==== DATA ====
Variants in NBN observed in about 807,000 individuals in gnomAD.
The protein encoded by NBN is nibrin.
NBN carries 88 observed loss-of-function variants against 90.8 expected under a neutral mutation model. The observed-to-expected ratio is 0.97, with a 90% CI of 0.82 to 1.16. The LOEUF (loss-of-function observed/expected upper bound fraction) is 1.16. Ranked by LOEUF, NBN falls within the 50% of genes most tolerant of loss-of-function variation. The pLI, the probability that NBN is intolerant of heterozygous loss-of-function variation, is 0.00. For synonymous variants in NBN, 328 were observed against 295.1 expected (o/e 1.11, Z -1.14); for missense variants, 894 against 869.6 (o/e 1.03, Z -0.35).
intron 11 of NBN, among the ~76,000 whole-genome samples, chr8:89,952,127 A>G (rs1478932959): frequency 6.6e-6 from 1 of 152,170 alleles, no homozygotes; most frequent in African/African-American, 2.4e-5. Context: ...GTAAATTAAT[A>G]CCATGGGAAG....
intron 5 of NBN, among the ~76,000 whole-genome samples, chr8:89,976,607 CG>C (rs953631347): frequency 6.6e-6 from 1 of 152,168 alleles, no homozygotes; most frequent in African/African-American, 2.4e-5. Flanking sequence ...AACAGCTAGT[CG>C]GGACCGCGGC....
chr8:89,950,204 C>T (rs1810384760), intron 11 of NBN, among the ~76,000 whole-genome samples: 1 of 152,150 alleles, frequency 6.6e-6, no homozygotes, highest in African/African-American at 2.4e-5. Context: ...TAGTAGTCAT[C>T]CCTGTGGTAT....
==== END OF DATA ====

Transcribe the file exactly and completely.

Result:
Variants in NBN observed in about 807,000 individuals in gnomAD.
The protein encoded by NBN is nibrin.
NBN carries 88 observed loss-of-function variants against 90.8 expected under a neutral mutation model. The observed-to-expected ratio is 0.97, with a 90% CI of 0.82 to 1.16. The LOEUF (loss-of-function observed/expected upper bound fraction) is 1.16. Ranked by LOEUF, NBN falls within the 50% of genes most tolerant of loss-of-function variation. The pLI, the probability that NBN is intolerant of heterozygous loss-of-function variation, is 0.00. For synonymous variants in NBN, 328 were observed against 295.1 expected (o/e 1.11, Z -1.14); for missense variants, 894 against 869.6 (o/e 1.03, Z -0.35).
intron 11 of NBN, among the ~76,000 whole-genome samples, chr8:89,952,127 A>G (rs1478932959): frequency 6.6e-6 from 1 of 152,170 alleles, no homozygotes; most frequent in African/African-American, 2.4e-5. Context: ...GTAAATTAAT[A>G]CCATGGGAAG....
intron 5 of NBN, among the ~76,000 whole-genome samples, chr8:89,976,607 CG>C (rs953631347): frequency 6.6e-6 from 1 of 152,168 alleles, no homozygotes; most frequent in African/African-American, 2.4e-5. Flanking sequence ...AACAGCTAGT[CG>C]GGACCGCGGC....
chr8:89,950,204 C>T (rs1810384760), intron 11 of NBN, among the ~76,000 whole-genome samples: 1 of 152,150 alleles, frequency 6.6e-6, no homozygotes, highest in African/African-American at 2.4e-5. Context: ...TAGTAGTCAT[C>T]CCTGTGGTAT....